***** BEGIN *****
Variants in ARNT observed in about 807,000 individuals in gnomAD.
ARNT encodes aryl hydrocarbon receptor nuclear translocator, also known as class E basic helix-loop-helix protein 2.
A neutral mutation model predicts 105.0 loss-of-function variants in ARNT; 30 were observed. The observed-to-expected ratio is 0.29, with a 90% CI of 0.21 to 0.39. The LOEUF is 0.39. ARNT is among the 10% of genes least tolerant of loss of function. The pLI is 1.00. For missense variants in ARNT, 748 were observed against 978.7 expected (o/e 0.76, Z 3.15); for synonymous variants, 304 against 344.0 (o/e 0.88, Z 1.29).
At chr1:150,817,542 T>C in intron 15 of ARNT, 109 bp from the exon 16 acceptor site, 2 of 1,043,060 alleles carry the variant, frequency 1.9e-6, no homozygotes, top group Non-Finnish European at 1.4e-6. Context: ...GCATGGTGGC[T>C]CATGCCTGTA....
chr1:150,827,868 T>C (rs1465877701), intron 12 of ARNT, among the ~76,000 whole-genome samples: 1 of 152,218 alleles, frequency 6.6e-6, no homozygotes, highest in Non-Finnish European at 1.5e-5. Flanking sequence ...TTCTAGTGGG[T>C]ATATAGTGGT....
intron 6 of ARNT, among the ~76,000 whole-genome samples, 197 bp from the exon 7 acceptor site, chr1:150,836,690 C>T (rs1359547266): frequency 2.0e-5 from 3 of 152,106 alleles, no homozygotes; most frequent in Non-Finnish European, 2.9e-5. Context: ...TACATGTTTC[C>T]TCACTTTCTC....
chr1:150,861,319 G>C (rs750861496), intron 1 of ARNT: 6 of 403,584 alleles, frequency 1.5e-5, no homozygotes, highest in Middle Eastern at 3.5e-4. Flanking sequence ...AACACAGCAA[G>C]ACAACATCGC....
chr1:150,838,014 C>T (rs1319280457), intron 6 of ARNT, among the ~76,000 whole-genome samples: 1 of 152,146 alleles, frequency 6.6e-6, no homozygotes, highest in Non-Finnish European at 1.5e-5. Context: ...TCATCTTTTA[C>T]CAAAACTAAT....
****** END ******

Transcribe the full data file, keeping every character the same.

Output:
Variants in ARNT observed in about 807,000 individuals in gnomAD.
ARNT encodes aryl hydrocarbon receptor nuclear translocator, also known as class E basic helix-loop-helix protein 2.
A neutral mutation model predicts 105.0 loss-of-function variants in ARNT; 30 were observed. The observed-to-expected ratio is 0.29, with a 90% CI of 0.21 to 0.39. The LOEUF is 0.39. ARNT is among the 10% of genes least tolerant of loss of function. The pLI is 1.00. For missense variants in ARNT, 748 were observed against 978.7 expected (o/e 0.76, Z 3.15); for synonymous variants, 304 against 344.0 (o/e 0.88, Z 1.29).
At chr1:150,817,542 T>C in intron 15 of ARNT, 109 bp from the exon 16 acceptor site, 2 of 1,043,060 alleles carry the variant, frequency 1.9e-6, no homozygotes, top group Non-Finnish European at 1.4e-6. Context: ...GCATGGTGGC[T>C]CATGCCTGTA....
chr1:150,827,868 T>C (rs1465877701), intron 12 of ARNT, among the ~76,000 whole-genome samples: 1 of 152,218 alleles, frequency 6.6e-6, no homozygotes, highest in Non-Finnish European at 1.5e-5. Flanking sequence ...TTCTAGTGGG[T>C]ATATAGTGGT....
intron 6 of ARNT, among the ~76,000 whole-genome samples, 197 bp from the exon 7 acceptor site, chr1:150,836,690 C>T (rs1359547266): frequency 2.0e-5 from 3 of 152,106 alleles, no homozygotes; most frequent in Non-Finnish European, 2.9e-5. Context: ...TACATGTTTC[C>T]TCACTTTCTC....
chr1:150,861,319 G>C (rs750861496), intron 1 of ARNT: 6 of 403,584 alleles, frequency 1.5e-5, no homozygotes, highest in Middle Eastern at 3.5e-4. Flanking sequence ...AACACAGCAA[G>C]ACAACATCGC....
chr1:150,838,014 C>T (rs1319280457), intron 6 of ARNT, among the ~76,000 whole-genome samples: 1 of 152,146 alleles, frequency 6.6e-6, no homozygotes, highest in Non-Finnish European at 1.5e-5. Context: ...TCATCTTTTA[C>T]CAAAACTAAT....